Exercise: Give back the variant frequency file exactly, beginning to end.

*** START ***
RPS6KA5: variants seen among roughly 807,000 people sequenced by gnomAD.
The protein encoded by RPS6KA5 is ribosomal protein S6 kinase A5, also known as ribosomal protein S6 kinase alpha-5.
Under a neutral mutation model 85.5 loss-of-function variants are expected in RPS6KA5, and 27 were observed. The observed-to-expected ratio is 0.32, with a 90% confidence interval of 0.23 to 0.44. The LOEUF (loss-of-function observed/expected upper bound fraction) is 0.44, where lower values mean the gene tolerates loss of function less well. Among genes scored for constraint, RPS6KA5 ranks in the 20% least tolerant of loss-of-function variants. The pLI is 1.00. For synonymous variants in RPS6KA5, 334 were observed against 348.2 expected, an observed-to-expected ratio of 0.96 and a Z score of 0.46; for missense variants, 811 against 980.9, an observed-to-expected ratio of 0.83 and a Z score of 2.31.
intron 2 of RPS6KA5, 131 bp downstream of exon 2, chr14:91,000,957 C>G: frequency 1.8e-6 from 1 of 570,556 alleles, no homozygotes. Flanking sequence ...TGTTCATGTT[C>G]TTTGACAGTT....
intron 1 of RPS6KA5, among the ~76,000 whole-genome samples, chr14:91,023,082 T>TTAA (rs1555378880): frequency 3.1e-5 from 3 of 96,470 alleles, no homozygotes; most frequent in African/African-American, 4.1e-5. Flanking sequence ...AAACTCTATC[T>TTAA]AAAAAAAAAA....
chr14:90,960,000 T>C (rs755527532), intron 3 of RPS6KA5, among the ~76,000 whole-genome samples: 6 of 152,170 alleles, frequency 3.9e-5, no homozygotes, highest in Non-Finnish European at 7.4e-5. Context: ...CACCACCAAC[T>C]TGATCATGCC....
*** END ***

RPS6KA5: variants seen among roughly 807,000 people sequenced by gnomAD.
The protein encoded by RPS6KA5 is ribosomal protein S6 kinase A5, also known as ribosomal protein S6 kinase alpha-5.
Under a neutral mutation model 85.5 loss-of-function variants are expected in RPS6KA5, and 27 were observed. The observed-to-expected ratio is 0.32, with a 90% confidence interval of 0.23 to 0.44. The LOEUF (loss-of-function observed/expected upper bound fraction) is 0.44, where lower values mean the gene tolerates loss of function less well. Among genes scored for constraint, RPS6KA5 ranks in the 20% least tolerant of loss-of-function variants. The pLI is 1.00. For synonymous variants in RPS6KA5, 334 were observed against 348.2 expected, an observed-to-expected ratio of 0.96 and a Z score of 0.46; for missense variants, 811 against 980.9, an observed-to-expected ratio of 0.83 and a Z score of 2.31.
intron 2 of RPS6KA5, 131 bp downstream of exon 2, chr14:91,000,957 C>G: frequency 1.8e-6 from 1 of 570,556 alleles, no homozygotes. Flanking sequence ...TGTTCATGTT[C>G]TTTGACAGTT....
intron 1 of RPS6KA5, among the ~76,000 whole-genome samples, chr14:91,023,082 T>TTAA (rs1555378880): frequency 3.1e-5 from 3 of 96,470 alleles, no homozygotes; most frequent in African/African-American, 4.1e-5. Flanking sequence ...AAACTCTATC[T>TTAA]AAAAAAAAAA....
chr14:90,960,000 T>C (rs755527532), intron 3 of RPS6KA5, among the ~76,000 whole-genome samples: 6 of 152,170 alleles, frequency 3.9e-5, no homozygotes, highest in Non-Finnish European at 7.4e-5. Context: ...CACCACCAAC[T>C]TGATCATGCC....